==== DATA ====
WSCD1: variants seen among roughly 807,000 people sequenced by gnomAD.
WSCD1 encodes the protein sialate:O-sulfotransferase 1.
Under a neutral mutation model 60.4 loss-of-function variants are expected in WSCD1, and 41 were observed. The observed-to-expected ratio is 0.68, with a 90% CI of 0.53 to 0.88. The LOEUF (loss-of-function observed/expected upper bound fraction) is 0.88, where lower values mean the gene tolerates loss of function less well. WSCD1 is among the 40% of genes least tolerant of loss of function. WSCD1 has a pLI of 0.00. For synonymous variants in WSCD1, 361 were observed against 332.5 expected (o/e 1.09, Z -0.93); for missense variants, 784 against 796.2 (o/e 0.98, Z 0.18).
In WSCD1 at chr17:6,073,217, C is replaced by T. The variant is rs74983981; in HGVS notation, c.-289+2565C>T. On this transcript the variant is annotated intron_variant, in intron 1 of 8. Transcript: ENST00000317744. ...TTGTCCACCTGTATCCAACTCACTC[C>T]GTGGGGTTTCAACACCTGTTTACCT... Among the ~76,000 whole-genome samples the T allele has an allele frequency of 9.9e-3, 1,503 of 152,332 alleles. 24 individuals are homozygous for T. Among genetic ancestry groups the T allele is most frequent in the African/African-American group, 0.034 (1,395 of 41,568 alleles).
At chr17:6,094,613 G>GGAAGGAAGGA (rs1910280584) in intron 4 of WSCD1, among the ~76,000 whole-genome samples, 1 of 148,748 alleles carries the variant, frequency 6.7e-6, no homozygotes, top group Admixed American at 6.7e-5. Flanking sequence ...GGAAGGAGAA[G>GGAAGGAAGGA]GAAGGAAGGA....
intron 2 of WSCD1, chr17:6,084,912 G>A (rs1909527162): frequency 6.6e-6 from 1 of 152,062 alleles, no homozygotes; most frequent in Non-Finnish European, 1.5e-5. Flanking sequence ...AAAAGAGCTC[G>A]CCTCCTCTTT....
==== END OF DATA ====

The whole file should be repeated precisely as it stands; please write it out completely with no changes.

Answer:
WSCD1: variants seen among roughly 807,000 people sequenced by gnomAD.
WSCD1 encodes the protein sialate:O-sulfotransferase 1.
Under a neutral mutation model 60.4 loss-of-function variants are expected in WSCD1, and 41 were observed. The observed-to-expected ratio is 0.68, with a 90% CI of 0.53 to 0.88. The LOEUF (loss-of-function observed/expected upper bound fraction) is 0.88, where lower values mean the gene tolerates loss of function less well. WSCD1 is among the 40% of genes least tolerant of loss of function. WSCD1 has a pLI of 0.00. For synonymous variants in WSCD1, 361 were observed against 332.5 expected (o/e 1.09, Z -0.93); for missense variants, 784 against 796.2 (o/e 0.98, Z 0.18).
In WSCD1 at chr17:6,073,217, C is replaced by T. The variant is rs74983981; in HGVS notation, c.-289+2565C>T. On this transcript the variant is annotated intron_variant, in intron 1 of 8. Transcript: ENST00000317744. ...TTGTCCACCTGTATCCAACTCACTC[C>T]GTGGGGTTTCAACACCTGTTTACCT... Among the ~76,000 whole-genome samples the T allele has an allele frequency of 9.9e-3, 1,503 of 152,332 alleles. 24 individuals are homozygous for T. Among genetic ancestry groups the T allele is most frequent in the African/African-American group, 0.034 (1,395 of 41,568 alleles).
At chr17:6,094,613 G>GGAAGGAAGGA (rs1910280584) in intron 4 of WSCD1, among the ~76,000 whole-genome samples, 1 of 148,748 alleles carries the variant, frequency 6.7e-6, no homozygotes, top group Admixed American at 6.7e-5. Flanking sequence ...GGAAGGAGAA[G>GGAAGGAAGGA]GAAGGAAGGA....
intron 2 of WSCD1, chr17:6,084,912 G>A (rs1909527162): frequency 6.6e-6 from 1 of 152,062 alleles, no homozygotes; most frequent in Non-Finnish European, 1.5e-5. Flanking sequence ...AAAAGAGCTC[G>A]CCTCCTCTTT....